O'Hara v Board of Directors of the Park Ave. & Seventy-Seventh St. Corp.

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O'Hara v Board of Directors of the Park Ave. & Seventy-Seventh St. Corp. 2022 NY Slip Op 03872 Decided on June 14, 2022 Appellate Division, First Department Published by New York State Law Reporting Bureau pursuant to Judiciary Law § 431. This opinion is uncorrected and subject to revision before publication in the Official Reports.

Decided and Entered: June 14, 2022
Before: Webber, J.P., Gesmer, Oing, Singh, Kennedy, JJ.
Index No. 153400/20 Appeal No. 16120 Case No. 2021-02154

[*1]Robert S. O'Hara, Jr. et al., Plaintiffs-Respondents,

v

Board of Directors of the Park Avenue and Seventy-Seventh Street Corporation et al., Defendants-Appellants.



Boyd Richards Parker Colonnelli, New York (Jennifer A. Levine of counsel), for The Board of Directors of the Park Avenue and Seventy Seventh Street Corporation, appellant.

Braverman Greenspun P.C., New York (Tracy Peterson of counsel), for Andreas Lazar and Elanna Lazar, appellants.

Belkin • Burden • Goldman, LLP, New York (Magda L. Cruz of counsel), for respondents.



Order, Supreme Court, New York County (Phillip Hom, J.), entered May 20, 2021, which, to the extent appealed from, denied defendants Andreas Lazar and Elanna Lazar's (the Lazars) motion to dismiss the causes of action for nuisance and breach of the proprietary lease prohibiting the creation of a nuisance and defendants Board of Directors of the Park Avenue and Seventy-Seventh Street Corporation and the Corporation's (the Co-op defendants) motion to dismiss the causes of action for breach of fiduciary duty, breach of article I, paragraphs first, second and seventh of the proprietary lease, and breach of the warranty of habitability, unanimously modified, on the law, to grant the Lazars' motion as to the breach of contract claims against them and grant the Co-op defendants' motion as to the breach of fiduciary duty claim and the breach of contract claim under article I, paragraphs second and seventh of the proprietary lease, and otherwise affirmed, without costs.

Plaintiffs allege that unreasonable noise and stomping by the Lazars' children in the upstairs apartment directly above them adversely affected plaintiff Robert O'Hara, Jr.'s health and created structural cracks in the walls and ceiling of their unit. They allege further that the Co-op defendants failed to investigate and address the noise and structural damage.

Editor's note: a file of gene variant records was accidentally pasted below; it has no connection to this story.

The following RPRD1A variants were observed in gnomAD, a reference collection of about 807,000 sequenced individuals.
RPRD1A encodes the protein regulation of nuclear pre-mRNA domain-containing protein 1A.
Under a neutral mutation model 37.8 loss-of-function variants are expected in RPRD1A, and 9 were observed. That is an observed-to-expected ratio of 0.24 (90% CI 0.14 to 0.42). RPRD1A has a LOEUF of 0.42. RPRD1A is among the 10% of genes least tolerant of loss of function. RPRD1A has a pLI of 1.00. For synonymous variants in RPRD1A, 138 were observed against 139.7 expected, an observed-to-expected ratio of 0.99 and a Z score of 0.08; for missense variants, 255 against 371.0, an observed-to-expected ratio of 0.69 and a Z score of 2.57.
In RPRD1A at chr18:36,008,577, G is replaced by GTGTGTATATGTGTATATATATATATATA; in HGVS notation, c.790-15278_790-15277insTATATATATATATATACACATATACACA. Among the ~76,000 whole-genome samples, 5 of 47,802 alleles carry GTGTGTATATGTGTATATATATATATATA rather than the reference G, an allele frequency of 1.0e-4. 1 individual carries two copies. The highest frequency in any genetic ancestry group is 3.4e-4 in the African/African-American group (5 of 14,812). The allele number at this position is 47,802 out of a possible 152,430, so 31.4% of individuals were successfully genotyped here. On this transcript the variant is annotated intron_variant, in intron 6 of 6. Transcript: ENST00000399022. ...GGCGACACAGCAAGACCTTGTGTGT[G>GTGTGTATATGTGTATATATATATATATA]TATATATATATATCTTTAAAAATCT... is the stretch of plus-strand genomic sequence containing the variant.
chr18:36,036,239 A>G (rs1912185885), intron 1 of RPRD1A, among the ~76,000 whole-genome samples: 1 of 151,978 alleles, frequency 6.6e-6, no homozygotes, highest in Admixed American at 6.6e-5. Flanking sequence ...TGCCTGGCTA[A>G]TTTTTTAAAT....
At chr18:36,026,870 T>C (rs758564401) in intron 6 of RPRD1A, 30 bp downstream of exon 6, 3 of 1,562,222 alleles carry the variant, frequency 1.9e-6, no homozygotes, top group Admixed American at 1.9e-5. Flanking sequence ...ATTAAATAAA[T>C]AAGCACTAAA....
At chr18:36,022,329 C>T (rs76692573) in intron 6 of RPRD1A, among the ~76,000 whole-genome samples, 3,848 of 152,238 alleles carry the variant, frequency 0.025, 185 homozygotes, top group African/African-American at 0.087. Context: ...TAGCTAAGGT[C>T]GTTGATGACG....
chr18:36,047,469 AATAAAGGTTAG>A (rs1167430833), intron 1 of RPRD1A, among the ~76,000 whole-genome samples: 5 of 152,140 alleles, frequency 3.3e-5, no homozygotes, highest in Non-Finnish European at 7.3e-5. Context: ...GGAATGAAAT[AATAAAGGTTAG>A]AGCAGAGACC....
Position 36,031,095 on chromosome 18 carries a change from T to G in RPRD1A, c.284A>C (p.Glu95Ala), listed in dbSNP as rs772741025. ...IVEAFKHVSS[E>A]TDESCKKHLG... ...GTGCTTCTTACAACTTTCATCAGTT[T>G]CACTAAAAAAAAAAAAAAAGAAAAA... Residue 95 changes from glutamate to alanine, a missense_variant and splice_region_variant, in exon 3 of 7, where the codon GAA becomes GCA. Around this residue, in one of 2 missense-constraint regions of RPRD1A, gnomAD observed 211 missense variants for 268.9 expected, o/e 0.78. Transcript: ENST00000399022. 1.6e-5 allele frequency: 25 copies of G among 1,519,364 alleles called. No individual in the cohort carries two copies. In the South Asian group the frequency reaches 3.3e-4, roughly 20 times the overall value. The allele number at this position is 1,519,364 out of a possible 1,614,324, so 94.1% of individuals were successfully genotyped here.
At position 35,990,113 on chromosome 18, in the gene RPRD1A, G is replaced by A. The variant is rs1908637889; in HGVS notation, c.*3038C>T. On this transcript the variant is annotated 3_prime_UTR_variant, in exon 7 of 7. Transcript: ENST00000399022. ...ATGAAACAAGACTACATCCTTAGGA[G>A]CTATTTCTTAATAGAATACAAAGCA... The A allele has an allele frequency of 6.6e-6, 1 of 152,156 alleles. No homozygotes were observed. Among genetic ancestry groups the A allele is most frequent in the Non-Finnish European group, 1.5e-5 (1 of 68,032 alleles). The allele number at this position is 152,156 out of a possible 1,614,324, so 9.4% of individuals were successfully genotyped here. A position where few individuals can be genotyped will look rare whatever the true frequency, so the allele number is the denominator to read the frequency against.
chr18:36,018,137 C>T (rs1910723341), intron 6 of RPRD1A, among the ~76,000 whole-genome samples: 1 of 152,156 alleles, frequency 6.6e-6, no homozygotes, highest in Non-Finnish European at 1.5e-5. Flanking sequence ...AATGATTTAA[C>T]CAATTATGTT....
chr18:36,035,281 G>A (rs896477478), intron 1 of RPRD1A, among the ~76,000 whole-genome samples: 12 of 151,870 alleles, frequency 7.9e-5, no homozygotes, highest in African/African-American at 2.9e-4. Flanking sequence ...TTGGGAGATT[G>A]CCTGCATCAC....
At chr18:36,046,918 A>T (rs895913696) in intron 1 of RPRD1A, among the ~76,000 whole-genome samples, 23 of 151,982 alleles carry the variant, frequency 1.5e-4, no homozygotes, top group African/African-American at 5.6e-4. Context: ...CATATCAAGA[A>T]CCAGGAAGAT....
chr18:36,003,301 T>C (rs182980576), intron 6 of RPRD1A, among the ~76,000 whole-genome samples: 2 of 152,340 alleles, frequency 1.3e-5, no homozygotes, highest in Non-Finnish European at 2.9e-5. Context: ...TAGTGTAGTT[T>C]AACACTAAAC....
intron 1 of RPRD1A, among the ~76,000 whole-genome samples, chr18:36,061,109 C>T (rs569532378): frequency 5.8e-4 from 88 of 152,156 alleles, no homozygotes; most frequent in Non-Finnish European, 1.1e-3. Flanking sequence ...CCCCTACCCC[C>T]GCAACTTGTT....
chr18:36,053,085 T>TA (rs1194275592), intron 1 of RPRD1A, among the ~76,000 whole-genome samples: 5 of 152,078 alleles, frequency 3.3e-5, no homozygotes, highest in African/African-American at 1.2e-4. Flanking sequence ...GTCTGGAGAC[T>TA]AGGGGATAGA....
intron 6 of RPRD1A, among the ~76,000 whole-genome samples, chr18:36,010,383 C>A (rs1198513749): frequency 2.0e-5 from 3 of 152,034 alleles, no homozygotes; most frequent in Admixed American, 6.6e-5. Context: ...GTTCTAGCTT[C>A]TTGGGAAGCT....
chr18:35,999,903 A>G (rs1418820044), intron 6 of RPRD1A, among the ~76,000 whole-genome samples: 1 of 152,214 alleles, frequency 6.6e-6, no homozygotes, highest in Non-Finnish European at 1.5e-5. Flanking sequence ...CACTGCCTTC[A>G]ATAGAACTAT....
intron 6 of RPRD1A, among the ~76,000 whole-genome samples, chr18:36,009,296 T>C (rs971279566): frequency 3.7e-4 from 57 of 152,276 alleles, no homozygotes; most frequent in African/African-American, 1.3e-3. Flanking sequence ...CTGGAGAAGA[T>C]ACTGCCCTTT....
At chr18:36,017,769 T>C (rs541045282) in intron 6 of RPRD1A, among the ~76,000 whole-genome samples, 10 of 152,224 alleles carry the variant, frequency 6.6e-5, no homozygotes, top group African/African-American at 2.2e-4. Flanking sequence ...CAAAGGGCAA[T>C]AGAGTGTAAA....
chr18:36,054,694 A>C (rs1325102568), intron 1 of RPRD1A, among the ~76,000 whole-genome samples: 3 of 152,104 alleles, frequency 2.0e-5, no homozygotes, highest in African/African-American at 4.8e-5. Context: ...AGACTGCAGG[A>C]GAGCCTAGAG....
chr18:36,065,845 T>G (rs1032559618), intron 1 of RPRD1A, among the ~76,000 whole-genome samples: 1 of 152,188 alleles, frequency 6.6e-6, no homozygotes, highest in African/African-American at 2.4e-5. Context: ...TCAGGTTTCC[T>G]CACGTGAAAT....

The allegations concerning the noise are sufficient to state a cause of action for nuisance against the Lazars, as are the allegations of physical damage to the walls and ceiling (see Copart Indus. v Consolidated Edison Co. of N.Y., 41 NY2d 564, 570 [1977]).

The cause of action for breach of contract against the Lazars was correctly dismissed, since there is nothing in the Lazars' proprietary lease that indicates that plaintiffs were intended third-party beneficiaries of the lease (see Ran v Weiner, 170 AD3d 425, 425-426 [1st Dept 2019]).

The complaint alleges that the Co-op board's refusal to investigate plaintiffs' concerns about the noise constituted unequal treatment and a dereliction of the directors' duties. However, because it does not allege that, in refusing to investigate, the directors were acting outside their official capacity, the complaint fails to state a cause of action for breach of fiduciary duty (Peacock v Herald Sq. Loft Corp., 67 AD3d 442, 442 [1st Dept 2009]; see also Frankel v Board of Mgrs. of the Cent. Park W. Condominium, 177 AD3d 465, 467 [1st Dept 2019]).

The complaint states a cause of action for breach of article I, paragraph first of the proprietary lease, which requires the Co-op to maintain all structural parts of the building, including the apartment's walls and ceilings. To the extent the Co-op defendants contend that under the exculpatory clauses of the proprietary lease, they are not responsible for breaches by other shareholders of the cooperative, this argument is unavailing. The owner of a multiple dwelling has a nondelegable duty to maintain the building in good repair under Administrative [*2]Code of the City of New York § 27-2005 (a), which applies irrespective of the source of the damage to the structural elements of the building.

The complaint fails to state a cause of action for breach of article I, paragraph second of the proprietary lease, because it does not allege that the Co-op failed to provide any of the enumerated services required to maintain the building in first-class condition. To the extent the claim is predicated on the Lazars' alleged violation of the house rules, it is barred by article II, paragraph fifth, which shields the Co-op from liability to one shareholder for another shareholder's violation of the rules (see e.g. Ran, 170 AD3d at 426).

The complaint fails to allege an eviction or abandonment sufficient to support a claim for breach of article I, paragraph seventh of the proprietary lease, which incorporates the covenant of quiet enjoyment (see Iken v Bohemian Brethren Presbyt. Church, 162 AD3d 594, 595 [1st Dept 2018]).

As to the claim for breach of the warranty of habitability, the allegations concerning the noise do not establish that the noise was so excessive that it deprived plaintiffs of the essential functions of a residence (see Kaniklidis v 235 Lincoln Place Hous. Corp., 305 AD2d 546, 547 [2d Dept 2003]). However, the allegations concerning the Co-op defendants' refusal to repair the structural cracks in the ceiling and walls state a claim for breach of the warranty, since structural cracks could give rise to a hazardous condition of the building (see Park W. Mgt. Corp. v Mitchell, 47 NY2d 316, 327-328 [1979], cert denied 444 US 992 [1979]).

We have considered defendants' remaining contentions and find them unavailing.

THIS CONSTITUTES THE DECISION AND ORDER OF THE SUPREME COURT, APPELLATE DIVISION, FIRST DEPARTMENT.

ENTERED: June 14, 2022